There are different ways to identify a published document (such as an article). Some ID numbers are
- Record Number (EndNote internal ID)
- Accession number
So, what do they mean and how do I use them in EndNote?
PMID number (PubMed)
PMID (PubMed identifier or PubMed unique identifier) is a unique number assigned to each PubMed document by (and this is important) PubMed. It is important here to distinguish between PMID and PMCID, where PMCID is the ID number of all documents published in free-to-access PubMed Central.
The assignment of PMID and PMCID reveals nothing about the type, or quality, of the document. The existence of PMID is not proof that the paper is not withdrawn for fraud, incompetence, or negligence. The notice of corrections to original works may or may not be assigned to a PMID.
You can use PMID to search for a document in PubMed via EndNote, on the PubMed website or directly in your browser.
When you import an item from PubMed to EndNote, the PMID number is placed in the Accession field of EndNote. This placement also means that you can search for PMID among the references in your library.
An accession number is a unique number assigned to each entry in a database (the information provider’s database, not the EndNote database). The provider does not always call it accession numbers, for example, PubMed uses PMID and some systems use other unique identifiers.
In libraries and archives, for example, initial control of an acquisition usually takes place through the assignment of a unique identifier. When used for this purpose, such an identifier is referred to as an accession number. Accession numbers are typically assigned at the point of cataloguing. The term is somewhat of a misnomer, as the form of the accession numbers is often alphanumeric.
It is important to note that the accession number is unique for the individual database.
A Digital Object Identifier (DOI) is a unique alphanumeric string assigned by a registration agency (the International DOI Foundation) to identify content and provide a permanent link to the content’s place on the Internet. The publisher assigns a DOI number when, for example, your article is published and made available electronically.
All DOI numbers begin with ten and contain a prefix and a suffix separated by a slash. The prefix is a unique number of four, or more digits, assigned to organizations; the suffix is assigned by the publisher and is designed to be flexible with the publishers’ identification standards.
We recommend that when a DOI number is available, you should include DOI for both printed and electronic sources. The DOI number is typically located on the first page of the electronic journal article, close to the copyright notice. The DOI number can commonly also be found in the database’s landing page for the article.
DOI is like a digital fingerprint: Each article receives a unique DOI at birth, and this DOI number can be used to identify the article throughout its life, regardless of where it moves.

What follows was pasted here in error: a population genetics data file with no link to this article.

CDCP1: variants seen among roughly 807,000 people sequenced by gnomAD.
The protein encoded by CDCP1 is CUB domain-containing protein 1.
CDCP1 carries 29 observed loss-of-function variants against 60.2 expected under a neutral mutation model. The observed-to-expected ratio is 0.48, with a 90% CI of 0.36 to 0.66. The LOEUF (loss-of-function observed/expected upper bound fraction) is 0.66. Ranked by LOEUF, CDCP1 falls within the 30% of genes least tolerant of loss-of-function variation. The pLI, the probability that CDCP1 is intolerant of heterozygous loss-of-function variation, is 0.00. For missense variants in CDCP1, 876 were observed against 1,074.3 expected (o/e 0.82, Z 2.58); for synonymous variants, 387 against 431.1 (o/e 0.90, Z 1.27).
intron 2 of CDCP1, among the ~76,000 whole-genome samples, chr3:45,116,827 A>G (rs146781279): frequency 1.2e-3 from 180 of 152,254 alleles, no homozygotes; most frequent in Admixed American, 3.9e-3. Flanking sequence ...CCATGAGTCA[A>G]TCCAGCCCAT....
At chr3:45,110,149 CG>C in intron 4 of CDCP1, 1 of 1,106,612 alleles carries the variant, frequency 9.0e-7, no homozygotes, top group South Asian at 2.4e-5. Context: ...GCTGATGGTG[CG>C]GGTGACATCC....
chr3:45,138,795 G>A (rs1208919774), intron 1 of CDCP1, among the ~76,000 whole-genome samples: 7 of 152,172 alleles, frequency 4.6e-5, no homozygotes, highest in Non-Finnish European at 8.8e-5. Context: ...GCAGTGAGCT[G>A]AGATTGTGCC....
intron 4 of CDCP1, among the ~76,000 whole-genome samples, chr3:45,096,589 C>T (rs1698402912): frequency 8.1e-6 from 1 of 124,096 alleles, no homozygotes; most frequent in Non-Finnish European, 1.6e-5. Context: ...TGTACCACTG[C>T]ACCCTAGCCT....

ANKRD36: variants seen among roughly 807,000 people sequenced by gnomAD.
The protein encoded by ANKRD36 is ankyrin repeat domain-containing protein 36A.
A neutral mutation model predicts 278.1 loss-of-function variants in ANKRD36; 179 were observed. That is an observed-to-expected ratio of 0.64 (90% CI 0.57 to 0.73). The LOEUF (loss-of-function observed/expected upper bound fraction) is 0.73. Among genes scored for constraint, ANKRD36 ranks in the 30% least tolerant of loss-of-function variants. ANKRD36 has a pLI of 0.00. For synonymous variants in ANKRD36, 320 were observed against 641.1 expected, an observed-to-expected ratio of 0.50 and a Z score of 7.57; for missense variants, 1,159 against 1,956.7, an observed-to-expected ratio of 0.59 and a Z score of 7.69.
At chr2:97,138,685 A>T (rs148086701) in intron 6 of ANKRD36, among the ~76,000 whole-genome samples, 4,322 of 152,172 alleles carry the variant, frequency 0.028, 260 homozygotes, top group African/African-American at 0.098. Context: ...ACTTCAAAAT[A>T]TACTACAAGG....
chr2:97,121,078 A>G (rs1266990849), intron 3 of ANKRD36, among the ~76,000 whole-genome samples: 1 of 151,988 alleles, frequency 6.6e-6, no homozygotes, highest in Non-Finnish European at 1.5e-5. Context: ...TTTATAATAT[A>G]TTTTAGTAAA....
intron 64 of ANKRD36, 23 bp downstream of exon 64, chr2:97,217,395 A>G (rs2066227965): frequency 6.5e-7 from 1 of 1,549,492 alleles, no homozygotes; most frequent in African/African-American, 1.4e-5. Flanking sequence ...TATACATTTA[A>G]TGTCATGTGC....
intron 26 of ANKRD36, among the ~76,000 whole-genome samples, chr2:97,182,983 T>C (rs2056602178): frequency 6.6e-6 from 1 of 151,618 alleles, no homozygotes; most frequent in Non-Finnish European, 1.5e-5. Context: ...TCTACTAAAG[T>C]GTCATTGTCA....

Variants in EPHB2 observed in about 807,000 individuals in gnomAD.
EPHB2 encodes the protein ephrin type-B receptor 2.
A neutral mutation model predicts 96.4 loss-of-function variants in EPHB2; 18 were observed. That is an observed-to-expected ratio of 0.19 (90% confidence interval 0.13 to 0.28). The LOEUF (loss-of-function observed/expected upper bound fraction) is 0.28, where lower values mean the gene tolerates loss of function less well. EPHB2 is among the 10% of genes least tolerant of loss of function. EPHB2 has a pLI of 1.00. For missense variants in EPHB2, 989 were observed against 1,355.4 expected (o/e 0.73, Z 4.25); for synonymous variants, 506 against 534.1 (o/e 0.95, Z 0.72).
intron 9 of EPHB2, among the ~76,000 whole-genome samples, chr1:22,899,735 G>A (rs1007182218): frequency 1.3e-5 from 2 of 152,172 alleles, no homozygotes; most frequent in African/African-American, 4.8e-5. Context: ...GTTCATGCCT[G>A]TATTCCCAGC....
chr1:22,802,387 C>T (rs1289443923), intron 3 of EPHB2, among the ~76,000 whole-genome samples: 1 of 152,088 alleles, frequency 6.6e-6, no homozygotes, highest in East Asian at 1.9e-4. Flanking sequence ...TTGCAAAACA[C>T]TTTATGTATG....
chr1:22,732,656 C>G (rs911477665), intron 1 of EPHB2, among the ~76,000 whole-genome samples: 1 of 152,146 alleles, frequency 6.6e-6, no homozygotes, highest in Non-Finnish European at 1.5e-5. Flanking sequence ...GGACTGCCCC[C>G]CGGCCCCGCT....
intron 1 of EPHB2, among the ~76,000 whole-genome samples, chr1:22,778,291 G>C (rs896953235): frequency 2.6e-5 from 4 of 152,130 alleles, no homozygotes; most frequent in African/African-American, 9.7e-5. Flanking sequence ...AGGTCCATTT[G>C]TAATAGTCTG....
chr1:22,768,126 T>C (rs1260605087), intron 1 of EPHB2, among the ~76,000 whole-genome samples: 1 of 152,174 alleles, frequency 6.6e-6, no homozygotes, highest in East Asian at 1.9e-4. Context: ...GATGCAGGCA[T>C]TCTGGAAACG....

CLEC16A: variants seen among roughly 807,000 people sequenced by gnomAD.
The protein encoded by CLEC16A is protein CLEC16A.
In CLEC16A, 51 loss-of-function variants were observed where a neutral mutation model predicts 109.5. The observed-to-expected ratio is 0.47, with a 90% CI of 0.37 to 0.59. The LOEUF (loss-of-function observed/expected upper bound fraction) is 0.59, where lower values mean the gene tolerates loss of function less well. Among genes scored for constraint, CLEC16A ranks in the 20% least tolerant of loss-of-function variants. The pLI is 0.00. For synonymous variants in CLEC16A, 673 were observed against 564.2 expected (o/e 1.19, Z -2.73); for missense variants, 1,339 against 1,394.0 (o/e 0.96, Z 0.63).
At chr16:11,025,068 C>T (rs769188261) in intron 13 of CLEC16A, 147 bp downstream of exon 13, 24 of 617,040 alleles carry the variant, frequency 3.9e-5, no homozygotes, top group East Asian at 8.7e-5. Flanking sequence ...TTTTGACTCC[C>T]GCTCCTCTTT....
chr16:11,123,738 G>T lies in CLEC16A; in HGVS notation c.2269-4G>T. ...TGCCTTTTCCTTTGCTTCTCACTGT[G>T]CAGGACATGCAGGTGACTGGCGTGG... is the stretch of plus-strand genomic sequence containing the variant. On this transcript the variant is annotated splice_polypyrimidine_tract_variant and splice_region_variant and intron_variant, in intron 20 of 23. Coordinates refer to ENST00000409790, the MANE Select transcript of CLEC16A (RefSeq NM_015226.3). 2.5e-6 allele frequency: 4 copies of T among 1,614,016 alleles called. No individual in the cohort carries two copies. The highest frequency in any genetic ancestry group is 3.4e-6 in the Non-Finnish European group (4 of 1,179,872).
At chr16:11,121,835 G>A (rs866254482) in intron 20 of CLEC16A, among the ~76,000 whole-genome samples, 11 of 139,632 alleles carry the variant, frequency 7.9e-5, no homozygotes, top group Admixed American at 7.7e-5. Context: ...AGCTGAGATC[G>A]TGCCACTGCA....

- When importing PDFs into EndNote, EndNote uses the DOI number to identify the reference information online securely. Feel free to watch our film about PDF import PDF import to EndNote.
- You can use a dedicated website to access a document as long as you have the DOI number: http://dx.doi.org
for example http://dx.doi.org/10.1371/journal.pone.0022625
Record Number (EndNote)
The EndNote Record number is a unique number assigned to each reference in your EndNote library when you add the reference. The number is specific to this reference in this particular library. If you collaborate with other authors, it may be easier to replace the Record Number in the document with something that identifies the reference but is not specific to your particular EndNote library.
To do this, select “Use field instead of Record Number” in EndNote preferences and activate the field “Accession Number”. You can find the setting in EndNote under Edit> Preferences…> Temporary Citations
If you have selected the “Accession Number” field and this field is empty in a specific reference, the Record Number is used instead.
- The Label field can be used to manually enter any unique code that you want to use for each entry
- The Accession Number field is designed to contain the unique accession number assigned to a reference by an online database
- The Pages field can contain a unique page number or another unique number for each reference
The National Institutes of Health Manuscript Submission System reference number (NIHMSID) is a unique number assigned to a work submitted to the National Institutes of Health Manuscript Submission System (NIHMS) in preparation for posting to PubMed Central (PMC). This number (NIHMSID) is used for works published in Submission Methods C and D journals. It is a temporary form of documentation for compliance with the NIH Public Access Policy until a PMCID is assigned.
NIHMSID can be used for documentation of compliance with NIH Public Access Policy in NIH programs, applications, proposals, and status reports up to three months after the publication of the work.
ISBN (International Standard Book Number) is a standard for identifying printed media. The system was created in the UK in the '60s and became standard in the '70s.
in Sweden, publishers (book publishers) can apply for an ISBN for their publications at the Swedish Central at the Royal Library.
ISSN (International Standard Serial Number) system was created in the '70s and became a standard in 1975. ISSN is an eight-digit serial number. The number uniquely identify a serial publication, e.g. a magazine. ISSN numbers are used in ordering, cataloguing, interlibrary loans, etc. in connection with serial literature. The ISSN number can also distinguish between the same content published in different media types. For example, some serials are published in both print and electronic media. The ISSN system refers to these as electronic ISSN (e-ISSN) and prints ISSN (p-ISSN).